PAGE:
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WI: Cable TV bill appears headed for passage

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Created 04/24/2007 - 7:59pm

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Cable TV bill appears headed for passage
But vote will be postponed for fiscal impact study

Judith Davidoff
The Capital Times

Senate Majority Leader Judy Robson, D-Beloit, says there would be enough votes in the Senate to pass a controversial cable bill today, but she is going to postpone a vote until questions about its fiscal impact are resolved.

"She feels it's come a long way over the last few weeks in terms of consumer protections," said Robson aide Josh Wescott this morning. But those protections mean more cost to the state agencies charged with overseeing the law, and the full cost needs to be determined, he added.

"Once we figure that out, we're ready to roll here," said Wescott, who noted Robson would refer the bill today to the Joint Finance Committee for review.

That development created uncertainty this morning for the Republican-controlled Assembly, which was also expected to take up the bill today.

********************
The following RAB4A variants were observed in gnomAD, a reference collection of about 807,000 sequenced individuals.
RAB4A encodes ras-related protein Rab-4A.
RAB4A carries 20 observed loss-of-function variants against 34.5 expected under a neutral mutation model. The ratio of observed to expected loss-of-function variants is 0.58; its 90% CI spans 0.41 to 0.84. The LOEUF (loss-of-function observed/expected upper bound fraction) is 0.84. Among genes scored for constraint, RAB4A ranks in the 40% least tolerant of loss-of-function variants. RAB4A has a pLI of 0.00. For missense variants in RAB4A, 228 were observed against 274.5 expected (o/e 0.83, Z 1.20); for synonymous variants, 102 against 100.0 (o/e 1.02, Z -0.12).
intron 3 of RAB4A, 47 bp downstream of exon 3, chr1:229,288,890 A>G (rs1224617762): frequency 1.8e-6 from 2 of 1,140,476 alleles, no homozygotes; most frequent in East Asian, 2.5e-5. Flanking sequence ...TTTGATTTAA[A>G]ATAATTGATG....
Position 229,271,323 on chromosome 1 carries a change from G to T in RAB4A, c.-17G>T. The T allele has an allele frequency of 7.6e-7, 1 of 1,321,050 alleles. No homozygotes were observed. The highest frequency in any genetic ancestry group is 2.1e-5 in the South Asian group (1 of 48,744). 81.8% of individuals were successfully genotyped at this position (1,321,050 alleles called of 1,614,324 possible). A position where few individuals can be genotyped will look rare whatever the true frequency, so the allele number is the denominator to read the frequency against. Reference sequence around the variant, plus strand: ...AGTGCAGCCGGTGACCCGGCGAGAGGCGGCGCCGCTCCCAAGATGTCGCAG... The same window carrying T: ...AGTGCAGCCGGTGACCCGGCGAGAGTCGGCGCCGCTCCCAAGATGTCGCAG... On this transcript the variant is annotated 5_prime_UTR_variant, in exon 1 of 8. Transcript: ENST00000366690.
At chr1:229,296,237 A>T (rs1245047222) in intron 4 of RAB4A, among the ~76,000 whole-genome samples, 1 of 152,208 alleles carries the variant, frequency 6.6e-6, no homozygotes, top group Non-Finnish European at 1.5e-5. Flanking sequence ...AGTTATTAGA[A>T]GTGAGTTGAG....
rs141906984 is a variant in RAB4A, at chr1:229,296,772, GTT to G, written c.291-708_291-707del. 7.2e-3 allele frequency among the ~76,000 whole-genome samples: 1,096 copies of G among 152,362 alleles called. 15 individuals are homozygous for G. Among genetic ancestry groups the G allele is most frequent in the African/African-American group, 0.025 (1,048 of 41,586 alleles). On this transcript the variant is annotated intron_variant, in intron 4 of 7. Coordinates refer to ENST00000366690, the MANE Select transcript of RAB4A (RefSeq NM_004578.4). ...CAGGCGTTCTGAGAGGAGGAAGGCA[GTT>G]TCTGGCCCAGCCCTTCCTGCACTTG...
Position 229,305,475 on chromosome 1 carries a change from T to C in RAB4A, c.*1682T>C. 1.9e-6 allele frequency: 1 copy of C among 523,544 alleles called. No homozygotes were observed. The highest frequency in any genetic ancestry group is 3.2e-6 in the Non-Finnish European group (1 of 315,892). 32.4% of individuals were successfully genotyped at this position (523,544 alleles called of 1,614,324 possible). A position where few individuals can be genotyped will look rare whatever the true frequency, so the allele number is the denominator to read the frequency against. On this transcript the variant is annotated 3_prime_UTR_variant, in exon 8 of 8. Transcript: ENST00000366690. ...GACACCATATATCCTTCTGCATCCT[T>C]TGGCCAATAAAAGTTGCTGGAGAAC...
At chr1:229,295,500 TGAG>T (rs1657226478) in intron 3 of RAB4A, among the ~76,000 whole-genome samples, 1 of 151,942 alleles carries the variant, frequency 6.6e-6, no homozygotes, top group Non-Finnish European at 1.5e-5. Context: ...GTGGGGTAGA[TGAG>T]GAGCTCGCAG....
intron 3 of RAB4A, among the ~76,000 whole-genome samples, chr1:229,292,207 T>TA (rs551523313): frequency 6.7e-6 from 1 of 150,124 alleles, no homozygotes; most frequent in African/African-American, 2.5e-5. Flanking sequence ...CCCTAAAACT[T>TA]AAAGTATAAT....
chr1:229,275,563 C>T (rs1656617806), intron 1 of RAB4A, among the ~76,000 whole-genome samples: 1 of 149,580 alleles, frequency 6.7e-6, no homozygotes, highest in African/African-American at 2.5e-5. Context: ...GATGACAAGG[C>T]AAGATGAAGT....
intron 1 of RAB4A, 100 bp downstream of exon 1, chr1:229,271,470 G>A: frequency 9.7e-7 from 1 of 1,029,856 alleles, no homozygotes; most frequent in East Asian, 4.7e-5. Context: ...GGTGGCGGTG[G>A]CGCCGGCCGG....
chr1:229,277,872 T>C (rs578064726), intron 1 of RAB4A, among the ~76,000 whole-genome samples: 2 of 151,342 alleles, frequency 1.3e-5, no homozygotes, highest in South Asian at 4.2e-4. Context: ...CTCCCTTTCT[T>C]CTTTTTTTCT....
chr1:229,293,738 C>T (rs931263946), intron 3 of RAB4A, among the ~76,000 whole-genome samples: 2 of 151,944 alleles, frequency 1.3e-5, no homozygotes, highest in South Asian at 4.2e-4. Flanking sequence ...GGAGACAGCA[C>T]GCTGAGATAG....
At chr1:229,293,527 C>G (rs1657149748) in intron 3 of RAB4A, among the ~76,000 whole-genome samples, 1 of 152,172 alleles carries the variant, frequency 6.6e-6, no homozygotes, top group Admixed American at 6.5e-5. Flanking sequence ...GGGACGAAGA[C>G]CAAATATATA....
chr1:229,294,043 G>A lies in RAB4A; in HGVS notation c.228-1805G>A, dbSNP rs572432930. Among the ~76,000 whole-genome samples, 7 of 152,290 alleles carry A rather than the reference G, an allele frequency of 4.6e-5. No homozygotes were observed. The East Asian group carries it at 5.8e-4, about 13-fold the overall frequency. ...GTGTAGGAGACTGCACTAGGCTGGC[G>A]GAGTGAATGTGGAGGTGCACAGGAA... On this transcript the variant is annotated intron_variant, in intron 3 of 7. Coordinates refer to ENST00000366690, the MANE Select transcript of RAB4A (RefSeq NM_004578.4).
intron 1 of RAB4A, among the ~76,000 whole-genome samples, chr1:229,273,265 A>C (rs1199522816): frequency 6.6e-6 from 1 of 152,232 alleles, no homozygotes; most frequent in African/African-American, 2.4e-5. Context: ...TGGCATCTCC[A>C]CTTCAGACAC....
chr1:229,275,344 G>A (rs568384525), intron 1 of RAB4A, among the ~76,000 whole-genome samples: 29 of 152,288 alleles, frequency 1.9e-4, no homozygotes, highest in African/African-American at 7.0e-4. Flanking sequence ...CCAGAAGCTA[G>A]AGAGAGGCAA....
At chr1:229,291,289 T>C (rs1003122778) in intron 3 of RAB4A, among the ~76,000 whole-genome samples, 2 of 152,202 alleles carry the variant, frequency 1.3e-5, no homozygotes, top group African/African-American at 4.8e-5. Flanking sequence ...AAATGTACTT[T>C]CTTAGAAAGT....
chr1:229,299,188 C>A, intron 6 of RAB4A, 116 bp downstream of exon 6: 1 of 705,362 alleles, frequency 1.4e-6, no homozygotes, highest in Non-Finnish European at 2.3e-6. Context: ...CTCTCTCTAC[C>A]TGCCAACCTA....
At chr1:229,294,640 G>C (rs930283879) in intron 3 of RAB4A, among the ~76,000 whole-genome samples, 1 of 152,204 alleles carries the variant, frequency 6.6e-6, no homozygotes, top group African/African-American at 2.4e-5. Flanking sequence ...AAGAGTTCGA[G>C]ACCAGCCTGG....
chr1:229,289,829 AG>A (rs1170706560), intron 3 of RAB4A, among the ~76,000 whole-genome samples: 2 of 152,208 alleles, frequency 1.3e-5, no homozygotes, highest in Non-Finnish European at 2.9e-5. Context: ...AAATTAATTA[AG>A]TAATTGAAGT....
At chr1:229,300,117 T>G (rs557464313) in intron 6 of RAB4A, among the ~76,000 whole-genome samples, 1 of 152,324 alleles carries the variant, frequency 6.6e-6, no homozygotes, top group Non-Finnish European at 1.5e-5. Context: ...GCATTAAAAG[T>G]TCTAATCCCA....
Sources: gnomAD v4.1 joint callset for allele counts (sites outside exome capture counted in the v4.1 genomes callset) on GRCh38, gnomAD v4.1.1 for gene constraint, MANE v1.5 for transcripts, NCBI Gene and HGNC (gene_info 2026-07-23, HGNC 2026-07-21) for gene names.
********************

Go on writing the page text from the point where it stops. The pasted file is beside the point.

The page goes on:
Bob Delaporte, spokesman for Assembly Speaker Mike Huebsch, R-West Salem, said the Assembly could still take action on the bill, but Assembly leaders would be discussing their options this morning.

"Anything could happen," Delaporte said.

The Joint Finance Committee is set to start deliberations on Gov. Jim Doyle's budget Thursday, but Wescott said Robson hoped to have the bill back by mid-May.

Wescott denied the move was intended to delay the bill, which has been on a fast track since the bill's Assembly author, Rep. Phil Montgomery, R-Green Bay, introduced it last month.

"It's a real part of the process," he said. "We want to make sure we're not cutting any corners."

The cost for the state to review and issue video franchises and handle consumer complaints was originally estimated at $500,000. But some say that cost could double due to the consumer protections that have been added to the bill.

Montgomery did not return a phone call this morning for comment. Mark Anderson, a spokesman for bill co-sponsor Sen. Jeff Plale, D-South Milwaukee, said the senator didn't have any comment at the moment.

"We don't really know anything now," Anderson said. "It's up in the air right now."

The video franchising bill has been pushed by supporters as a way to increase competition and bring down cable television costs. But critics say the bill takes control away from local governments, which have been granting cable franchises for decades, and, in the process, strips localities of franchise fees that mostly support public access channels.

Under the bill, the state would assume oversight of video franchises. The Department of Financial Institutions would be charged with issuing permanent franchises to qualified companies and consumer protections would be extended to satellite providers.

Protections for consumers would include credits for outages that last 24 hours or longer, a 30-day notice of rate increases, a 45-day grace period before disconnection due to unpaid bills and a 72-hour window for repairs.
Published: April 24, 2007

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